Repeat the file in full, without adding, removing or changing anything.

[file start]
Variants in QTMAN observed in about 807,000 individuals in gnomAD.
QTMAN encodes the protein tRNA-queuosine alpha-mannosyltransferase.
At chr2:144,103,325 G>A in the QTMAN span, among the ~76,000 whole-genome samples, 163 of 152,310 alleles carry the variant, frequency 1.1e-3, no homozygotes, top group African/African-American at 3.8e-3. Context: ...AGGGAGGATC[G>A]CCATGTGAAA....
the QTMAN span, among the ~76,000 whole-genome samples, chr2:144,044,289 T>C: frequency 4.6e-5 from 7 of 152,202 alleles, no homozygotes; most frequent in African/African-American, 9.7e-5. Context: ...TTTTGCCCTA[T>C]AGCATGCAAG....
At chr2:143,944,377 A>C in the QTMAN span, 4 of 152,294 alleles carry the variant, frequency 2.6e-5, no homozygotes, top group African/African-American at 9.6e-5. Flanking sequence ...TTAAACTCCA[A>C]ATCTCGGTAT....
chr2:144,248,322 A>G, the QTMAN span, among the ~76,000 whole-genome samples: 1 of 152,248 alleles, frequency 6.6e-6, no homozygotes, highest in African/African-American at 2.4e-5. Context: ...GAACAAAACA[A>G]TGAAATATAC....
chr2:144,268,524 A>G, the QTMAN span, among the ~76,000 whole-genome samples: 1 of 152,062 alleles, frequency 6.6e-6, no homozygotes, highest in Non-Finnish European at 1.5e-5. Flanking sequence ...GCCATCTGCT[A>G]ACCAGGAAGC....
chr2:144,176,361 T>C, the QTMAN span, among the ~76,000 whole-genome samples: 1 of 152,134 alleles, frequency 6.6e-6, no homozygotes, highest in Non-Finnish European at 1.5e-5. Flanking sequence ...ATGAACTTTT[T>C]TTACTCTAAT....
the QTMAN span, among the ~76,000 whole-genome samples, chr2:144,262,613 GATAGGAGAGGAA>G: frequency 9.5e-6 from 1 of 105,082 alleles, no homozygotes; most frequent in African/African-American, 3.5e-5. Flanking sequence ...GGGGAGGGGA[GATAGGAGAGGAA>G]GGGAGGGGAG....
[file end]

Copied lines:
Variants in QTMAN observed in about 807,000 individuals in gnomAD.
QTMAN encodes the protein tRNA-queuosine alpha-mannosyltransferase.
At chr2:144,103,325 G>A in the QTMAN span, among the ~76,000 whole-genome samples, 163 of 152,310 alleles carry the variant, frequency 1.1e-3, no homozygotes, top group African/African-American at 3.8e-3. Context: ...AGGGAGGATC[G>A]CCATGTGAAA....
the QTMAN span, among the ~76,000 whole-genome samples, chr2:144,044,289 T>C: frequency 4.6e-5 from 7 of 152,202 alleles, no homozygotes; most frequent in African/African-American, 9.7e-5. Context: ...TTTTGCCCTA[T>C]AGCATGCAAG....
At chr2:143,944,377 A>C in the QTMAN span, 4 of 152,294 alleles carry the variant, frequency 2.6e-5, no homozygotes, top group African/African-American at 9.6e-5. Flanking sequence ...TTAAACTCCA[A>C]ATCTCGGTAT....
chr2:144,248,322 A>G, the QTMAN span, among the ~76,000 whole-genome samples: 1 of 152,248 alleles, frequency 6.6e-6, no homozygotes, highest in African/African-American at 2.4e-5. Context: ...GAACAAAACA[A>G]TGAAATATAC....
chr2:144,268,524 A>G, the QTMAN span, among the ~76,000 whole-genome samples: 1 of 152,062 alleles, frequency 6.6e-6, no homozygotes, highest in Non-Finnish European at 1.5e-5. Flanking sequence ...GCCATCTGCT[A>G]ACCAGGAAGC....
chr2:144,176,361 T>C, the QTMAN span, among the ~76,000 whole-genome samples: 1 of 152,134 alleles, frequency 6.6e-6, no homozygotes, highest in Non-Finnish European at 1.5e-5. Flanking sequence ...ATGAACTTTT[T>C]TTACTCTAAT....
the QTMAN span, among the ~76,000 whole-genome samples, chr2:144,262,613 GATAGGAGAGGAA>G: frequency 9.5e-6 from 1 of 105,082 alleles, no homozygotes; most frequent in African/African-American, 3.5e-5. Flanking sequence ...GGGGAGGGGA[GATAGGAGAGGAA>G]GGGAGGGGAG....